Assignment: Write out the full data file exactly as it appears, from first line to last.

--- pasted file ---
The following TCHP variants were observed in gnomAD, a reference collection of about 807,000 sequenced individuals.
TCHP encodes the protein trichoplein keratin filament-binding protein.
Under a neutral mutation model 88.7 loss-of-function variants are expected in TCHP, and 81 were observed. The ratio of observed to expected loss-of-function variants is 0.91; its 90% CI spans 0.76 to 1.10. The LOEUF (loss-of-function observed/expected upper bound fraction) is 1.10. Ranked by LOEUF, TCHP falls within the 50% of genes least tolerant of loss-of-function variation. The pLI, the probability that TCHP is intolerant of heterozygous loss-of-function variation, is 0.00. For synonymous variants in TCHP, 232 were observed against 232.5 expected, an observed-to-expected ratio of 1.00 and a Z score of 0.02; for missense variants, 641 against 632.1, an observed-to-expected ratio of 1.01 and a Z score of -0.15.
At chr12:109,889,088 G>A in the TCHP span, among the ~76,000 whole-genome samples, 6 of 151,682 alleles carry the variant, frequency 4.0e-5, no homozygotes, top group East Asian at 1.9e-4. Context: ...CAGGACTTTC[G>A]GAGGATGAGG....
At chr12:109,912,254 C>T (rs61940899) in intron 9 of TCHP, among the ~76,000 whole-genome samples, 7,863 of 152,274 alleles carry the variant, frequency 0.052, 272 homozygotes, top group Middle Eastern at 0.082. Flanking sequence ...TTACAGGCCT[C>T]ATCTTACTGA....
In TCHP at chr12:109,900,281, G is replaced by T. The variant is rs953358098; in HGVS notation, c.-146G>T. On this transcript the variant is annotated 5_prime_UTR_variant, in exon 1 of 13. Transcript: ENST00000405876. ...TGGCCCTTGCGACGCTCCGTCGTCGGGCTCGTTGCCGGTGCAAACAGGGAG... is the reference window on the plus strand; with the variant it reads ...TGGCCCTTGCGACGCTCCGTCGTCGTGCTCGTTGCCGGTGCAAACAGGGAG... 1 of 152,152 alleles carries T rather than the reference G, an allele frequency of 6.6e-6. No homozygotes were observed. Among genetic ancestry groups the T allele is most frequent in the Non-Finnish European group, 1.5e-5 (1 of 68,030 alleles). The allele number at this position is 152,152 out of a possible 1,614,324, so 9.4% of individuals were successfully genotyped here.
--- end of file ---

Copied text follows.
The following TCHP variants were observed in gnomAD, a reference collection of about 807,000 sequenced individuals.
TCHP encodes the protein trichoplein keratin filament-binding protein.
Under a neutral mutation model 88.7 loss-of-function variants are expected in TCHP, and 81 were observed. The ratio of observed to expected loss-of-function variants is 0.91; its 90% CI spans 0.76 to 1.10. The LOEUF (loss-of-function observed/expected upper bound fraction) is 1.10. Ranked by LOEUF, TCHP falls within the 50% of genes least tolerant of loss-of-function variation. The pLI, the probability that TCHP is intolerant of heterozygous loss-of-function variation, is 0.00. For synonymous variants in TCHP, 232 were observed against 232.5 expected, an observed-to-expected ratio of 1.00 and a Z score of 0.02; for missense variants, 641 against 632.1, an observed-to-expected ratio of 1.01 and a Z score of -0.15.
At chr12:109,889,088 G>A in the TCHP span, among the ~76,000 whole-genome samples, 6 of 151,682 alleles carry the variant, frequency 4.0e-5, no homozygotes, top group East Asian at 1.9e-4. Context: ...CAGGACTTTC[G>A]GAGGATGAGG....
At chr12:109,912,254 C>T (rs61940899) in intron 9 of TCHP, among the ~76,000 whole-genome samples, 7,863 of 152,274 alleles carry the variant, frequency 0.052, 272 homozygotes, top group Middle Eastern at 0.082. Flanking sequence ...TTACAGGCCT[C>T]ATCTTACTGA....
In TCHP at chr12:109,900,281, G is replaced by T. The variant is rs953358098; in HGVS notation, c.-146G>T. On this transcript the variant is annotated 5_prime_UTR_variant, in exon 1 of 13. Transcript: ENST00000405876. ...TGGCCCTTGCGACGCTCCGTCGTCGGGCTCGTTGCCGGTGCAAACAGGGAG... is the reference window on the plus strand; with the variant it reads ...TGGCCCTTGCGACGCTCCGTCGTCGTGCTCGTTGCCGGTGCAAACAGGGAG... 1 of 152,152 alleles carries T rather than the reference G, an allele frequency of 6.6e-6. No homozygotes were observed. Among genetic ancestry groups the T allele is most frequent in the Non-Finnish European group, 1.5e-5 (1 of 68,030 alleles). The allele number at this position is 152,152 out of a possible 1,614,324, so 9.4% of individuals were successfully genotyped here.